Transforming the National Research Council

Image of the Budget 2015 Header

Economic Action Plan 2015 proposes to provide $119.2 million over two years, starting in 2015–16, to support the industry-partnered research and development activities of the National Research Council.

In 2012, the Government announced that the National Research Council would be refocused to better support collaborative research and development projects that are driven by industry needs. Since that time, the Council has embarked on a transformative new strategic direction that is concentrated on demand-driven, industry-relevant applied research that will help Canadian businesses increase their competitiveness and develop the innovative products of tomorrow.

Economic Action Plan 2015 proposes to provide $119.2 million over two years, starting in 2015–16, to enable the Council to continue to fulfill its new role as Canada’s research and technology organization by supporting business innovation initiatives across Canada.

For close to 100 years, the National Research Council of Canada (NRC) has been the primary federal vehicle for research and development (R&D), engaging in some of the world’s most pressing scientific and technological challenges. NRC researchers have brought the world breakthrough inventions like radar, the black box (used by the aerospace industry and beyond), canola and a vaccine for meningitis. While maintaining its role in scientific discoveries, NRC is refocusing to better serve Canadian businesses and help them compete in the global marketplace against the world’s most innovative companies. Within Canada’s innovation system, NRC is the national research and technology organization (RTO). RTOs are specialized knowledge organizations dedicated to the development and transfer of science and technology for the benefit of the economy and society. NRC’s goal is to promote greater private sector R&D, helping Canada develop into one of the world’s best and most vibrant 21st century economies. The Jenkins report on the Review of Federal Support to Research and Development was presented to the Minister of State (Science and Technology), in the fall of 2011. In the report, the expert panel who conducted the Review made a series of recommendations that called for a simplified and more focused approach to the $5 billion worth of R&D funding provided by the federal government every year. Those recommendations laid out the foundation for the NRC’s refocus. Following the Review, both Economic Action Plan 2012 and 2013 proposed funding to support and refocus the NRC. Economic Action Plan 2012 provided $67 million for fiscal year 2012–13, and Economic Action Plan 2013 proposed $121 million over two years (fiscal years 2013-14 and 2014-15) to help the NRC refocus on business-led research. NRC has rebuilt itself to help grow Canadian industries and strengthen their access to and participation in global value chains—all with the following end game in mind: high-quality jobs, increased business R&D activity, greater commercialization outcomes, and a prosperous and more productive Canada.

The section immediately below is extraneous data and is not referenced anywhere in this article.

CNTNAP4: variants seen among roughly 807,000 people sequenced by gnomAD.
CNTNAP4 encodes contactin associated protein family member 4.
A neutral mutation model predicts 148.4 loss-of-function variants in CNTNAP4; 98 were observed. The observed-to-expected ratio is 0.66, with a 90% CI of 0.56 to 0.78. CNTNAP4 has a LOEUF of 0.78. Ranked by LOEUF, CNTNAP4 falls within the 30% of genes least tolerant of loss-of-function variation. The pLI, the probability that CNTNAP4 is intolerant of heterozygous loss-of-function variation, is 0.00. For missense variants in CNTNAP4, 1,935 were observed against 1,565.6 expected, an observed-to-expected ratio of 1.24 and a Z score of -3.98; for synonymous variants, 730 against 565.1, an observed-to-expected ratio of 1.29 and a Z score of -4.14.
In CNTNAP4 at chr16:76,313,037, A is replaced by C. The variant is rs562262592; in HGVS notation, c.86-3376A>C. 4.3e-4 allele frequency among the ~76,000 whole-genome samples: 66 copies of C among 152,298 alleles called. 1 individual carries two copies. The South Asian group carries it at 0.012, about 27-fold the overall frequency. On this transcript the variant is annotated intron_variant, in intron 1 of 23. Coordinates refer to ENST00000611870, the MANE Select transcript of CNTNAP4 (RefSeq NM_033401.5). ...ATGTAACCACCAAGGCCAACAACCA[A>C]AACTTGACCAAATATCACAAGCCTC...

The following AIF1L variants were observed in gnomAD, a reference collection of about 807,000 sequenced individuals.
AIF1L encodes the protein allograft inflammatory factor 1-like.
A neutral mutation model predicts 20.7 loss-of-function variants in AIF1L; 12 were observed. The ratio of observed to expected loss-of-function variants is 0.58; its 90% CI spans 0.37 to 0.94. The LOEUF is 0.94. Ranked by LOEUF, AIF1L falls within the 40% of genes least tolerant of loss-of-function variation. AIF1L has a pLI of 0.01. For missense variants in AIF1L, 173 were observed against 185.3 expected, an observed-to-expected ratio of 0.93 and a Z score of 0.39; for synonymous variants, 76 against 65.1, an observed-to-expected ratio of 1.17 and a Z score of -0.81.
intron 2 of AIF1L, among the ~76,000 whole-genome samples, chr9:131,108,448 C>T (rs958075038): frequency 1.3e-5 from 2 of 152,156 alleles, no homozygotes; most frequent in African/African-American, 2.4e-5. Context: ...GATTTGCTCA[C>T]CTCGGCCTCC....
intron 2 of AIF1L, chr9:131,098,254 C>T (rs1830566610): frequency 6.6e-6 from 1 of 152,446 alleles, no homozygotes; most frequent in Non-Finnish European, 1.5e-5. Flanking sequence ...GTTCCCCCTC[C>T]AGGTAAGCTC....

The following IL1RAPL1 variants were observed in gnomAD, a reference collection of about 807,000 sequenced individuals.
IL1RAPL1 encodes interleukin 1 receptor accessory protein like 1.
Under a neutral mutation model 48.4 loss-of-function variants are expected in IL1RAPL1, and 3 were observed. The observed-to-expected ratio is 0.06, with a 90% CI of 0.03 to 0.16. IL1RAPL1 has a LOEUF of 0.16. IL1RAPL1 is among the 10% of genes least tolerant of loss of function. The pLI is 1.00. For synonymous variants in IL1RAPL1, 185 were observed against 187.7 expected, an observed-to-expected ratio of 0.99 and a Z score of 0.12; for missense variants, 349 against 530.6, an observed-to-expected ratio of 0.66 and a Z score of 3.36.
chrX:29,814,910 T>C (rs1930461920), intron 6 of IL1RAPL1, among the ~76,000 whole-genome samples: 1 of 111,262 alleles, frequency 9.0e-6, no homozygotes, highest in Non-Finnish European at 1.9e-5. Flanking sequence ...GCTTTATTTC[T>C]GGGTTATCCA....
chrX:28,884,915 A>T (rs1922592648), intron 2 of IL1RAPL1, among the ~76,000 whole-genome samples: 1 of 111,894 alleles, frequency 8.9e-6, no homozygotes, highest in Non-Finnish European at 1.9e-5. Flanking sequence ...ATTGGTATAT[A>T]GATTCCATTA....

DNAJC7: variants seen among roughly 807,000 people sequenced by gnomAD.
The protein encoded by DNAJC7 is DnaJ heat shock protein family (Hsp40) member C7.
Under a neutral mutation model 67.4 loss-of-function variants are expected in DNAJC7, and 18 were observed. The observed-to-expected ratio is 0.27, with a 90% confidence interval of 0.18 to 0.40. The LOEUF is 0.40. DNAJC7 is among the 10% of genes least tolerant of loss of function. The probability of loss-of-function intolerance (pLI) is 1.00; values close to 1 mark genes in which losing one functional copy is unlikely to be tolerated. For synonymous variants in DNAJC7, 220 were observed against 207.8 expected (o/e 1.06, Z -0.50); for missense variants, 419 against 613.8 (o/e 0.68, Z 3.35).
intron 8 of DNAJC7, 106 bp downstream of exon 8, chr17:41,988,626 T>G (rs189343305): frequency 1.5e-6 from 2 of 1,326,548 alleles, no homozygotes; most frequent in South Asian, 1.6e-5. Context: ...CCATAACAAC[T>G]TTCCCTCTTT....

About the Program

As competition intensifies in the increasingly complex global marketplace, Canada’s current standard of living cannot be taken for granted. The need for action is clear: more business investment in research and technology development is essential to guarantee Canada’s long-term economic growth. To meet this challenge, NRC is refocusing to enable more Canadian businesses to access the world-class infrastructure, technical expertise and people they need to commercialize their innovative ideas.

Who Is Eligible

NRC has rebuilt itself with an eye to growing Canadian industries and increasing Canadian industrial strength. Canadian businesses, both large and small, are encouraged to contact the NRC to gain access to its world-class infrastructure and technical expertise.

How It Works

With the transformation of the NRC into an RTO, Canadian businesses now have coast-to-coast access to world-class innovation support along four business lines: Strategic R&D, Technical Services, Management of S&T Infrastructure and NRC-Industrial Research Assistance Program (IRAP), which will work together to help fill the gap between early stage R&D and commercialization. Some examples of support provided by the NRC are as follows:

  • A service centre for the private sector offering market-driven research, technology development and commercialization services;
  • Regionally accessible and nationally linked points of entry to help connect Canadian entrepreneurs to key players in Canada’s innovation system, to each other, and to potential partners and clients around the globe; and
  • A critical mass of leading-edge expertise, networks and know-how that can readily translate Canadian industry’s R&D needs and ideas into technology-based solutions.

Progress to Date

NRC launched its new business approach on May 7, 2013. Early announcements of major research programs include the creation of the Canadian Wheat Alliance to improve the profitability of Canadian wheat producers and the Algal Carbon Conversion Pilot Project, which will develop environmentally sustainable solutions to manage carbon emissions.

Find Out More

To learn more about program opportunities for your business or about the advantages of working with NRC, visit the National Research Council of Canada website or call 1-877-NRC-CNRC.

Search form

Share this page:

Projects Map

Working in Canada

Search for the latest job opportunities and skill requirements in Canada's job market including mining, forestry, and various trades.